In the meantime, the federal and state governments have begun to put in place other parts of the law, including changes in payment rates under the Medicare system for older and disabled Americans and a provision allowing children up to age 26 to remain on the parents' health insurance policies.

Read More From One News Now

Court Trial Held In Michigan For Pastor Who Burned Q'uran

Washington Times

DEARBORN, Mich. — Controversial Florida Pastor Terry Jones, a Koran-burning advocate who has sparked Muslim outrage worldwide, including deadly riots in Afghanistan, held court to a media throng as he defended himself in a trial here that pitted his free-speech rights against fears of public violence in the nation’s largest Arab-American community.

The hearing was a legal rarity — a jury trial after Rev. Jones declined to pay a city-ordered peace bond that the county prosecutor said was needed to cover security costs associated with the minister’s planned protest near the nation’s largest mosque on one of Christianity’s holiest days, Good Friday. The estimated cost of the bond was $46,000. The pastor of the tiny Florida congregation has pledged to return next week if today’s protest is thwarted by the trial.

A three-man, four-woman jury was quickly impaneled at District 19 court in Dearborn late Thursday afternoon after Rev. Jones, who said he would continue with his plan to protest outside the Islamic Center of America, refused to pay the bond request and asked for trial.

Rev. Jones, who carries a firearm and accidentally discharged it in his rental car following a Detroit television station interview Thursday night, represented himself in court. He and co-defendant Marvin Sapp, also a pastor in his church, dressed casually in black Harley-Davidson T-shirts as they gave opening statements asserting their First Amendment right to peacefully protest in public. The city, which declined their permit, had offered the two the option of demonstrating in designated “free-speech zones,” including outside city hall, but they declined, calling such spaces unconstitutional.

The Rev. Jones, 59, who leads the small Dove World Outreach Center in Gainesville, Fla., told the court that he would carry out his plan, even if the jury rejected his bid and he was arrested.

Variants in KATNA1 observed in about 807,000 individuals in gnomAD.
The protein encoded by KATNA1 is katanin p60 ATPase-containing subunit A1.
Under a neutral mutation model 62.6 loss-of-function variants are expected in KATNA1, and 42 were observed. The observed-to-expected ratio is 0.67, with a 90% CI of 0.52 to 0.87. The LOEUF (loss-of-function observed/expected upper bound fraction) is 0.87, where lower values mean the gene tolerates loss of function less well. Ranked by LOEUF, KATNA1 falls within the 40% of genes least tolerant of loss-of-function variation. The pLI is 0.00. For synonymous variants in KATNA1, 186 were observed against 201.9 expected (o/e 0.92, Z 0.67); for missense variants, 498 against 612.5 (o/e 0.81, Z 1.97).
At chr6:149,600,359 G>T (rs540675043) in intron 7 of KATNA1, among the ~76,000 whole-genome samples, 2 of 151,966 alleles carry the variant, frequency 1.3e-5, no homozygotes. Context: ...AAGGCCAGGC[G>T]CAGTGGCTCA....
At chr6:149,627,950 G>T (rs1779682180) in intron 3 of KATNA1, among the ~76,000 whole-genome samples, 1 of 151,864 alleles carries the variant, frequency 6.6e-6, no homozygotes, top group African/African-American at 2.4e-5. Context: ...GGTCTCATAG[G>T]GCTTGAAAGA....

“We are not criminals. We have respect for the law. We are coming there in peace,” Rev. Jones told the jurors, adding that it was his right to speak against “the radical element of Islam, which does exist, otherwise we could not have this problem.”

He pledged that he would not burn a Koran or engage in other provocative acts. He said the plans now call for just four members of his group Stand Up for America Now to occupy a grassy public median area across from the mosque. He added that his concern about radical Islam was broader than simply any activities in Detroit, adding that he had no animosity for people there.

“Obviously we do have a problem — maybe not in Dearborn or this mosque. We are not accusing them. We are simply speaking out on the issue on jihad, Sharia,” said Rev. Jones, who urged jurors to be open-minded, even as much public sentiment was against him.

The case, overseen by Judge Mark Somers, the son of Christian missionaries to India, was watched by free-speech advocates nationwide and monitored by the Michigan ACLU along with other religious and legal group.

The ACLU decried the violation of Rev. Jones’ rights on Thursday.

“We should combat hate speech with more speech,” said Rana Elmir, a spokeswoman for the Michigan ACLU. “I disagree vehemently with Rev. Jones’ message, but I believe wholeheartedly in his right to express himself.”

The case has led local news coverage this week and rallied churches in the heavily Arab suburb of Detroit that serves as corporate home to Ford Motor Co. and other auto-industry concerns. Church leaders, including local imams, pastors and rabbis, have held services geared at bringing residents together as media covered Rev. Jones’ every move.

Prosecutors said in trial Friday morning that Dearborn law enforcement officials had received more than 300 death threats after residents learned that Rev. Jones and his followers had advertised plans for their event. They said the city feared violence if Rev. Jones’ group was allowed to assemble.

Dearborn Police Chief Ron Haddad told the court he denied four permits from other groups that eventually pulled out of Friday’s planned protest – not simply Rev. Jones’ group. He testified that he did so to maintain public safety in the heavily trafficked area, which includes several other churches conducting Good Friday services. He said local church leaders told him that they were considering cancelling their Holy Day events.

From intelligence gathered by his investigators, Chief Haddad said, “There is a strong likelihood that … violence would occur.”

Wayne County Prosecutor Robert Moran said the case was not simply about free speech rights but rather safety.

“We’re not here to suppress open speech or prevent someone for saying what they want to say, nor are we here because we don’t like the message that this defendant brings,” he told the jury. “We are here because the conduct of the respondents will likely respond in a breach of the peace. It will be a fracas, a riot. “

While one traffic officer noted the heightened traffic and safety concern of such a demonstration, Rev. Sapp questioned whether such inconvenience was enough to squelch his group’s rights.